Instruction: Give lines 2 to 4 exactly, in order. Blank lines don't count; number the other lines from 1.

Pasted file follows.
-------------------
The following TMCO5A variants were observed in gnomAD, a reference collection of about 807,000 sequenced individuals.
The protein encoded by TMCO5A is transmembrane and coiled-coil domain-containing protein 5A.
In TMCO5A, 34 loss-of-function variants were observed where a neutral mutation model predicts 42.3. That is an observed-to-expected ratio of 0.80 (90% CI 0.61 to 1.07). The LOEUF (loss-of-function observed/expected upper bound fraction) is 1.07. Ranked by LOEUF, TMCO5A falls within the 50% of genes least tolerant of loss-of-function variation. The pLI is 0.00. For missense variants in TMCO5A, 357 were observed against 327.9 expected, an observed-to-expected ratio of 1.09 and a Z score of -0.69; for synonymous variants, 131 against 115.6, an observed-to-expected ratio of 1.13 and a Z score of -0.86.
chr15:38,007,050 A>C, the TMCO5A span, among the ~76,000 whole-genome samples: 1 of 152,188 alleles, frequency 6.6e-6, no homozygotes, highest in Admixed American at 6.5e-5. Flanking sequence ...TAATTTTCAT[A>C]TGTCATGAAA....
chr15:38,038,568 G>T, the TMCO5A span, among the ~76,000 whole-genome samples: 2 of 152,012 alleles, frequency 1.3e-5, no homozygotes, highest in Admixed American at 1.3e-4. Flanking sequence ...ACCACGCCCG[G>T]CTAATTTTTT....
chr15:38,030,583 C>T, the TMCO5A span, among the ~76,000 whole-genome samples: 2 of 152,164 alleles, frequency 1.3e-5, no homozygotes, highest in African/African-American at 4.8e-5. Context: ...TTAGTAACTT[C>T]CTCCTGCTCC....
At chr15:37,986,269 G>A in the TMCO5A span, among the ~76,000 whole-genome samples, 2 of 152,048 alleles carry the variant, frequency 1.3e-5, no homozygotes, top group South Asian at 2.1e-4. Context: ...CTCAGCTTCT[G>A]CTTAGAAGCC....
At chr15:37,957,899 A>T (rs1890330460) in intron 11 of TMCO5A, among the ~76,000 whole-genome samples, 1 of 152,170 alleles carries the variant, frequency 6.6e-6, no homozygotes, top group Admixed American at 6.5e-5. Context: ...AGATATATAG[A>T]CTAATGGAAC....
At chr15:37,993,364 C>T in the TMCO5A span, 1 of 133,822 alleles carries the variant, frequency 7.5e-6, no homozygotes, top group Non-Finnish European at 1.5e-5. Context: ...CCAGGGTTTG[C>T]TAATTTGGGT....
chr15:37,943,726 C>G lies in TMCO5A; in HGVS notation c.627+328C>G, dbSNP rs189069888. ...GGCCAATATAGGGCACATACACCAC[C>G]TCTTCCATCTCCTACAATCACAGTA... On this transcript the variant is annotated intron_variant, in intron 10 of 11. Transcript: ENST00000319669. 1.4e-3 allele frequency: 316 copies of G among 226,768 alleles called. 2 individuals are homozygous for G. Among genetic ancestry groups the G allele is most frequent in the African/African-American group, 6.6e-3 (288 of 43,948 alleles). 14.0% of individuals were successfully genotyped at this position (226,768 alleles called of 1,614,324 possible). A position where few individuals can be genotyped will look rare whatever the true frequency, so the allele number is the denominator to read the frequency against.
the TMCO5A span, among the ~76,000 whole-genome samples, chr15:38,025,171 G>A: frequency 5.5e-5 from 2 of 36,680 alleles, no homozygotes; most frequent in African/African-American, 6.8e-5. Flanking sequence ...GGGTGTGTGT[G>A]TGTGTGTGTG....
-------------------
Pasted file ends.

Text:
The protein encoded by TMCO5A is transmembrane and coiled-coil domain-containing protein 5A.
In TMCO5A, 34 loss-of-function variants were observed where a neutral mutation model predicts 42.3. That is an observed-to-expected ratio of 0.80 (90% CI 0.61 to 1.07). The LOEUF (loss-of-function observed/expected upper bound fraction) is 1.07. Ranked by LOEUF, TMCO5A falls within the 50% of genes least tolerant of loss-of-function variation. The pLI is 0.00. For missense variants in TMCO5A, 357 were observed against 327.9 expected, an observed-to-expected ratio of 1.09 and a Z score of -0.69; for synonymous variants, 131 against 115.6, an observed-to-expected ratio of 1.13 and a Z score of -0.86.
chr15:38,007,050 A>C, the TMCO5A span, among the ~76,000 whole-genome samples: 1 of 152,188 alleles, frequency 6.6e-6, no homozygotes, highest in Admixed American at 6.5e-5. Flanking sequence ...TAATTTTCAT[A>C]TGTCATGAAA....